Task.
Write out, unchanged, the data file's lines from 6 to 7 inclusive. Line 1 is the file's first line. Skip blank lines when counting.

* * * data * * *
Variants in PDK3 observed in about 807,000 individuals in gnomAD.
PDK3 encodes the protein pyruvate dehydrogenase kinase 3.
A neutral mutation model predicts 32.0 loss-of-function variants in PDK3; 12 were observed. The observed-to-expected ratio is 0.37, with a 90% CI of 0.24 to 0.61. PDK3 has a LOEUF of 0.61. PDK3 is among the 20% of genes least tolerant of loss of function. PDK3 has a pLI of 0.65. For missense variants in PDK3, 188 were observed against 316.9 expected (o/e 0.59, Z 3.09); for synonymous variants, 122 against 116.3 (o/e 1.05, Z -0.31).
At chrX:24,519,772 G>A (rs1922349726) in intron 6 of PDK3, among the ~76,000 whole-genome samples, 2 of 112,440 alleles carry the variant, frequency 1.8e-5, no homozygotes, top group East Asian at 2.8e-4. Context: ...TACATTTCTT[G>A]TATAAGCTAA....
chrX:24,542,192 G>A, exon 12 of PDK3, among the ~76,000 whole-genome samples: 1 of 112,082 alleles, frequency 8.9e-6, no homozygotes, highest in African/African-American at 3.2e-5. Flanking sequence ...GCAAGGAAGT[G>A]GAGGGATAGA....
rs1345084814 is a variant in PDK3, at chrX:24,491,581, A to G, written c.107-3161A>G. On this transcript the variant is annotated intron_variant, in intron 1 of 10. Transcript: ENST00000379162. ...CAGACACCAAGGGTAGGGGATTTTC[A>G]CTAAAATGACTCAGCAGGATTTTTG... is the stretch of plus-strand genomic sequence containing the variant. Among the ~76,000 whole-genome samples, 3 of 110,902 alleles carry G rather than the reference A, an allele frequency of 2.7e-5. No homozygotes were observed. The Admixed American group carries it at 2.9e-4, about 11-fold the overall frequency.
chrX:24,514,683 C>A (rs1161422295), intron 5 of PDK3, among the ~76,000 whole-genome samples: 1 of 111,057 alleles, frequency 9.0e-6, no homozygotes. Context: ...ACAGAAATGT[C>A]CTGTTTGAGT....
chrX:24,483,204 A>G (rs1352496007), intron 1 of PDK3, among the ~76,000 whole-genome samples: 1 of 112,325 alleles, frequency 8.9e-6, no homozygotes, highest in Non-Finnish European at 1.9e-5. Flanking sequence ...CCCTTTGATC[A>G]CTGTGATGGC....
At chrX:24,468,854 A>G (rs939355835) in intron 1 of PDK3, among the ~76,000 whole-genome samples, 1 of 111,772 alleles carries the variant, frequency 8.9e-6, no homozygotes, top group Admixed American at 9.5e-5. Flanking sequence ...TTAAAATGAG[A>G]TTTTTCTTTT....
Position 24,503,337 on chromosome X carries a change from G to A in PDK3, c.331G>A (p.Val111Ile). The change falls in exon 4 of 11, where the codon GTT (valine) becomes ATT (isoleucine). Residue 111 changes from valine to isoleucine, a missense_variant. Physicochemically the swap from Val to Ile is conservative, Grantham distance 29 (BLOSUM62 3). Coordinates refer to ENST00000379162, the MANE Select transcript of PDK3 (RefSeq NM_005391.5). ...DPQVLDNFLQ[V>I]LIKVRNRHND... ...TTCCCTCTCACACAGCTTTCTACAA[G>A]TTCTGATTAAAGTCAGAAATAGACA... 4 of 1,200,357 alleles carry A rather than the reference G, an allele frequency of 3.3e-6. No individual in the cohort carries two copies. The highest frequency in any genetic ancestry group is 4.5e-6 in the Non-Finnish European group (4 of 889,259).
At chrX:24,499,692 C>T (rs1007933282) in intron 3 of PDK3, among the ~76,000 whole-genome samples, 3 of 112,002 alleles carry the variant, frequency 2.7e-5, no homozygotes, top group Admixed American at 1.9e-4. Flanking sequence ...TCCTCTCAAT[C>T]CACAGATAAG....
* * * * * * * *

rs1345084814 is a variant in PDK3, at chrX:24,491,581, A to G, written c.107-3161A>G. On this transcript the variant is annotated intron_variant, in intron 1 of 10. Transcript: ENST00000379162. ...CAGACACCAAGGGTAGGGGATTTTC[A>G]CTAAAATGACTCAGCAGGATTTTTG... is the stretch of plus-strand genomic sequence containing the variant. Among the ~76,000 whole-genome samples, 3 of 110,902 alleles carry G rather than the reference A, an allele frequency of 2.7e-5. No homozygotes were observed. The Admixed American group carries it at 2.9e-4, about 11-fold the overall frequency.
chrX:24,514,683 C>A (rs1161422295), intron 5 of PDK3, among the ~76,000 whole-genome samples: 1 of 111,057 alleles, frequency 9.0e-6, no homozygotes. Context: ...ACAGAAATGT[C>A]CTGTTTGAGT....